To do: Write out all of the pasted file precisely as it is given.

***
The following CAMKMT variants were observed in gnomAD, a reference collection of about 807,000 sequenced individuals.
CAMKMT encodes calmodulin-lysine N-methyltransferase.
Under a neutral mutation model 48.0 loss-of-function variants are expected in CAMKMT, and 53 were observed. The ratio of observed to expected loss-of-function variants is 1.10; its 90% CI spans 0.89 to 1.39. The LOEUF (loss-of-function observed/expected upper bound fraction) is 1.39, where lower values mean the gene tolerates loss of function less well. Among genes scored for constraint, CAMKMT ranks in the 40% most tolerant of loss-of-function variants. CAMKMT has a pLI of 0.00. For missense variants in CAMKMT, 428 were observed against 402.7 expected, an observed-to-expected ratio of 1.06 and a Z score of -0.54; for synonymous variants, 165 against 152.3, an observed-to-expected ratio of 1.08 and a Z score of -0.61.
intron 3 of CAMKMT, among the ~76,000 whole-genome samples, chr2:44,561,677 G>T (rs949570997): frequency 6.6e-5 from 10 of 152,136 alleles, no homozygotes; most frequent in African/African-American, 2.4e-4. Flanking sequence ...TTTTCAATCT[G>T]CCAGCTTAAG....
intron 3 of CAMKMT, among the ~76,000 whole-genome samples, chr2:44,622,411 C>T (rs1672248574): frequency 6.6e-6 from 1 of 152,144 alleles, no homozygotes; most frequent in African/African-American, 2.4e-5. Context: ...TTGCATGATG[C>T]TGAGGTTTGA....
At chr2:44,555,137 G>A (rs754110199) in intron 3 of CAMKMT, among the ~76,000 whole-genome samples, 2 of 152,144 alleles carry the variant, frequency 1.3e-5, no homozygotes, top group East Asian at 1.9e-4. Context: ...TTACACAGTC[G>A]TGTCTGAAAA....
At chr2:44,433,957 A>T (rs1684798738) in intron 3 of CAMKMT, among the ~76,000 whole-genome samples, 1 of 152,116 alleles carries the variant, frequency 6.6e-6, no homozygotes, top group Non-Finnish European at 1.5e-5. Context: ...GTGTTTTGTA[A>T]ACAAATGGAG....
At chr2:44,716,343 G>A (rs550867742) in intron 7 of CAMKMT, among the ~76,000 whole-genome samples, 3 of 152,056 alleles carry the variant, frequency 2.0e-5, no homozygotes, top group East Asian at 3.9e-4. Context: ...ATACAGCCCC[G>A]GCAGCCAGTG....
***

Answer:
The following CAMKMT variants were observed in gnomAD, a reference collection of about 807,000 sequenced individuals.
CAMKMT encodes calmodulin-lysine N-methyltransferase.
Under a neutral mutation model 48.0 loss-of-function variants are expected in CAMKMT, and 53 were observed. The ratio of observed to expected loss-of-function variants is 1.10; its 90% CI spans 0.89 to 1.39. The LOEUF (loss-of-function observed/expected upper bound fraction) is 1.39, where lower values mean the gene tolerates loss of function less well. Among genes scored for constraint, CAMKMT ranks in the 40% most tolerant of loss-of-function variants. CAMKMT has a pLI of 0.00. For missense variants in CAMKMT, 428 were observed against 402.7 expected, an observed-to-expected ratio of 1.06 and a Z score of -0.54; for synonymous variants, 165 against 152.3, an observed-to-expected ratio of 1.08 and a Z score of -0.61.
intron 3 of CAMKMT, among the ~76,000 whole-genome samples, chr2:44,561,677 G>T (rs949570997): frequency 6.6e-5 from 10 of 152,136 alleles, no homozygotes; most frequent in African/African-American, 2.4e-4. Flanking sequence ...TTTTCAATCT[G>T]CCAGCTTAAG....
intron 3 of CAMKMT, among the ~76,000 whole-genome samples, chr2:44,622,411 C>T (rs1672248574): frequency 6.6e-6 from 1 of 152,144 alleles, no homozygotes; most frequent in African/African-American, 2.4e-5. Context: ...TTGCATGATG[C>T]TGAGGTTTGA....
At chr2:44,555,137 G>A (rs754110199) in intron 3 of CAMKMT, among the ~76,000 whole-genome samples, 2 of 152,144 alleles carry the variant, frequency 1.3e-5, no homozygotes, top group East Asian at 1.9e-4. Context: ...TTACACAGTC[G>A]TGTCTGAAAA....
At chr2:44,433,957 A>T (rs1684798738) in intron 3 of CAMKMT, among the ~76,000 whole-genome samples, 1 of 152,116 alleles carries the variant, frequency 6.6e-6, no homozygotes, top group Non-Finnish European at 1.5e-5. Context: ...GTGTTTTGTA[A>T]ACAAATGGAG....
At chr2:44,716,343 G>A (rs550867742) in intron 7 of CAMKMT, among the ~76,000 whole-genome samples, 3 of 152,056 alleles carry the variant, frequency 2.0e-5, no homozygotes, top group East Asian at 3.9e-4. Context: ...ATACAGCCCC[G>A]GCAGCCAGTG....